The Douglass appennini Apennines Mountains On Map 1000 X 629 pixels is extremely rare, but far away more accessible is Braddock Mead's "Map of the Most Inhabited part of further England," published by Thomas Jefferys in 1755. Mead's map follows rather next to that of Douglass, even if similar to some significant improvements. For example, in Massachusetts Mead other further place names (such as "Pentusok," now Pittsfield), introduced county boundaries, and connected Cape Ann to the mainland whereas Douglass had depicted it as an island.
Following the Revolution, the presidency of Massachusetts urgently required an accurate appennini Apennines Mountains On Map 1000 X 629 pixels for at least three administrative objectives: calculating tax allotments to the towns based upon house valuations, supporting the sale of public house to pay off raid debts, and informing infrastructure development. Existing maps were too outmoded and small scale to be of use. For example, dozens of townships expected after the 1750s were not shown upon the Douglass and Mead maps.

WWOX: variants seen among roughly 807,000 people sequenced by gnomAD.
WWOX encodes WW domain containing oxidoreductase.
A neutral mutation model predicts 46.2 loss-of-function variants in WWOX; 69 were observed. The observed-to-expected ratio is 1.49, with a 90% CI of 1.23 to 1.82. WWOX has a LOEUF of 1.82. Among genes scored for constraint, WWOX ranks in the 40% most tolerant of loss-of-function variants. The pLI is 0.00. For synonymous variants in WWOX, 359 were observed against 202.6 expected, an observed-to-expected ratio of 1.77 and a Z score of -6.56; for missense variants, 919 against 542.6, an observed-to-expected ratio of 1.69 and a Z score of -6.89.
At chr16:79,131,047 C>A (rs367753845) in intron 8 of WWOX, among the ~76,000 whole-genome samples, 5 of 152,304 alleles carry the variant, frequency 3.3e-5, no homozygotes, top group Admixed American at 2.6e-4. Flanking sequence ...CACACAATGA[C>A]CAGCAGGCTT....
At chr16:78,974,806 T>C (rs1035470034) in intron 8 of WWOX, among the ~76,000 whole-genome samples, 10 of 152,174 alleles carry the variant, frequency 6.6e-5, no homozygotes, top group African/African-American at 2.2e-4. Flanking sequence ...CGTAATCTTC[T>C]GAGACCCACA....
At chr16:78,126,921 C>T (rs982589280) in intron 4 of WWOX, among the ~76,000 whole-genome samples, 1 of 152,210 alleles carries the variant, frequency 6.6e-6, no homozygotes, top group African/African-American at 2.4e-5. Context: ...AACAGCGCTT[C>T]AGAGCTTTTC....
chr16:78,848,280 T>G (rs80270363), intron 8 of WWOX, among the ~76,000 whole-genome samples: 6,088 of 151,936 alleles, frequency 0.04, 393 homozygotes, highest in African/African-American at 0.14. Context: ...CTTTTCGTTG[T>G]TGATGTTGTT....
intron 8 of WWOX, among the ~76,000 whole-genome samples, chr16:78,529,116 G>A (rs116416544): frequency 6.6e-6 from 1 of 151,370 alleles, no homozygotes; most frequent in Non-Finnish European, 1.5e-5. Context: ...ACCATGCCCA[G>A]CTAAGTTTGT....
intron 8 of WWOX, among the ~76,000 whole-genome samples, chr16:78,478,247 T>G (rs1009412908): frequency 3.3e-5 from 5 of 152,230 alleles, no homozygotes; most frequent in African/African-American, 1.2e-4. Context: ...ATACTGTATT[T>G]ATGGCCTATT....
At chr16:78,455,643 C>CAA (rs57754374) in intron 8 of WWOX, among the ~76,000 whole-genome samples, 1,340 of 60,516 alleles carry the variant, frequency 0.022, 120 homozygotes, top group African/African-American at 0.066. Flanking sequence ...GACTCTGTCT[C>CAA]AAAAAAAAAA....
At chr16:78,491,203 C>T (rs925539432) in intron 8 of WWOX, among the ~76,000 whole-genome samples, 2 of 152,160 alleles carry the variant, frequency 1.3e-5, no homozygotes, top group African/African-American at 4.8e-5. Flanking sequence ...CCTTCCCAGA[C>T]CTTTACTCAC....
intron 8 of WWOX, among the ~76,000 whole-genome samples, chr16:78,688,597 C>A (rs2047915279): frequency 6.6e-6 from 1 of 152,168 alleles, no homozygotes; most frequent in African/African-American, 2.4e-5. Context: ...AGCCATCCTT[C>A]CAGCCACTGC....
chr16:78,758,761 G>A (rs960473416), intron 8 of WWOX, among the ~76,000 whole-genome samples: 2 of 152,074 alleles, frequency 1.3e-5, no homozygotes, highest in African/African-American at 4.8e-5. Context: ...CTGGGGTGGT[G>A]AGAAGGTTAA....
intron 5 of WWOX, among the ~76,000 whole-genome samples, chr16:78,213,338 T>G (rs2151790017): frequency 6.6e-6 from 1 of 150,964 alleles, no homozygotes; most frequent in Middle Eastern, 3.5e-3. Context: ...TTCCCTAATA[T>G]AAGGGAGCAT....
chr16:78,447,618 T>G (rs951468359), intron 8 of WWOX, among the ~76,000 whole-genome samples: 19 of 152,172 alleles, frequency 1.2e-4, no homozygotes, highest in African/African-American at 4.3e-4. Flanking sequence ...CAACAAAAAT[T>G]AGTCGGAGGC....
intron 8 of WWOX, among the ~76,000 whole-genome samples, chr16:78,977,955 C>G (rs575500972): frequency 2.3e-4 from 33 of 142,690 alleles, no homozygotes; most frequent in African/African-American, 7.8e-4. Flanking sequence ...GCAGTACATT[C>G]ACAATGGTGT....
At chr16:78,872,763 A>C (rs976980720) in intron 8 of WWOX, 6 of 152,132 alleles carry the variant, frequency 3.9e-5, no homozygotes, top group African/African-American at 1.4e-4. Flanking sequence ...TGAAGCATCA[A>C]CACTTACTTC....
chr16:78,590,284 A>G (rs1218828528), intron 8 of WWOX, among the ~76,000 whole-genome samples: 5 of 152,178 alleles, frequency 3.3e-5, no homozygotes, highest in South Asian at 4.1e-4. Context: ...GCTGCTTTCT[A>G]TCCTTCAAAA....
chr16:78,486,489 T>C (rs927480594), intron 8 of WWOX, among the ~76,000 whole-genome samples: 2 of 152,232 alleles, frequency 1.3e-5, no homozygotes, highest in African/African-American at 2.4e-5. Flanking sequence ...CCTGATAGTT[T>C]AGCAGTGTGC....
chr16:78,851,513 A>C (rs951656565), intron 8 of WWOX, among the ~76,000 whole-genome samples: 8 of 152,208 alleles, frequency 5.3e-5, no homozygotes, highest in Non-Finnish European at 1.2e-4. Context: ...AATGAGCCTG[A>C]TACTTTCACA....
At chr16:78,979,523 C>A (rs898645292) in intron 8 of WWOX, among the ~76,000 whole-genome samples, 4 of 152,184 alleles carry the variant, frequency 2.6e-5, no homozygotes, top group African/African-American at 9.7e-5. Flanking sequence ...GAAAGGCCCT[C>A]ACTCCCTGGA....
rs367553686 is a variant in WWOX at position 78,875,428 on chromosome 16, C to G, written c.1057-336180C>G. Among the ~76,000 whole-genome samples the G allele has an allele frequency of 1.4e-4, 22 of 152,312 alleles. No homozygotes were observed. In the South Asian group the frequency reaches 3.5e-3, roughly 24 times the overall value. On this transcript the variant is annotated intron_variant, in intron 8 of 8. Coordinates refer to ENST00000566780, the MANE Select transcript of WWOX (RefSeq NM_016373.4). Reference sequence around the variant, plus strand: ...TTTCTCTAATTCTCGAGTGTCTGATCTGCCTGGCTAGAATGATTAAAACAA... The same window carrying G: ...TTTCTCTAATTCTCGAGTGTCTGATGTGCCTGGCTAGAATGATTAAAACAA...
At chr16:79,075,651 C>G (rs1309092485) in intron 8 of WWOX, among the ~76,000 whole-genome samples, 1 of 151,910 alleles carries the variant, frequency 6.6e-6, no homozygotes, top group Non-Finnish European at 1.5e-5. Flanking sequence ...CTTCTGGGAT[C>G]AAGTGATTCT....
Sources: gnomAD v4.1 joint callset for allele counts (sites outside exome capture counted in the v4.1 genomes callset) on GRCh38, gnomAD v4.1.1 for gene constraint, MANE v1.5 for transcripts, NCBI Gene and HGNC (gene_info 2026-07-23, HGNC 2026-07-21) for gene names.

This presented the legislature similar to a dilemma, as public funding for a welcome Map would have been prohibitively expensive. appropriately in 1774 it resorted to an unfunded mandate, requiring each town in Massachusetts to conduct a survey of its territory and concede a plot to the Secretary of State. These would then be compiled and where critical reconciled to develop the appennini Apennines Mountains On Map 1000 X 629 pixels.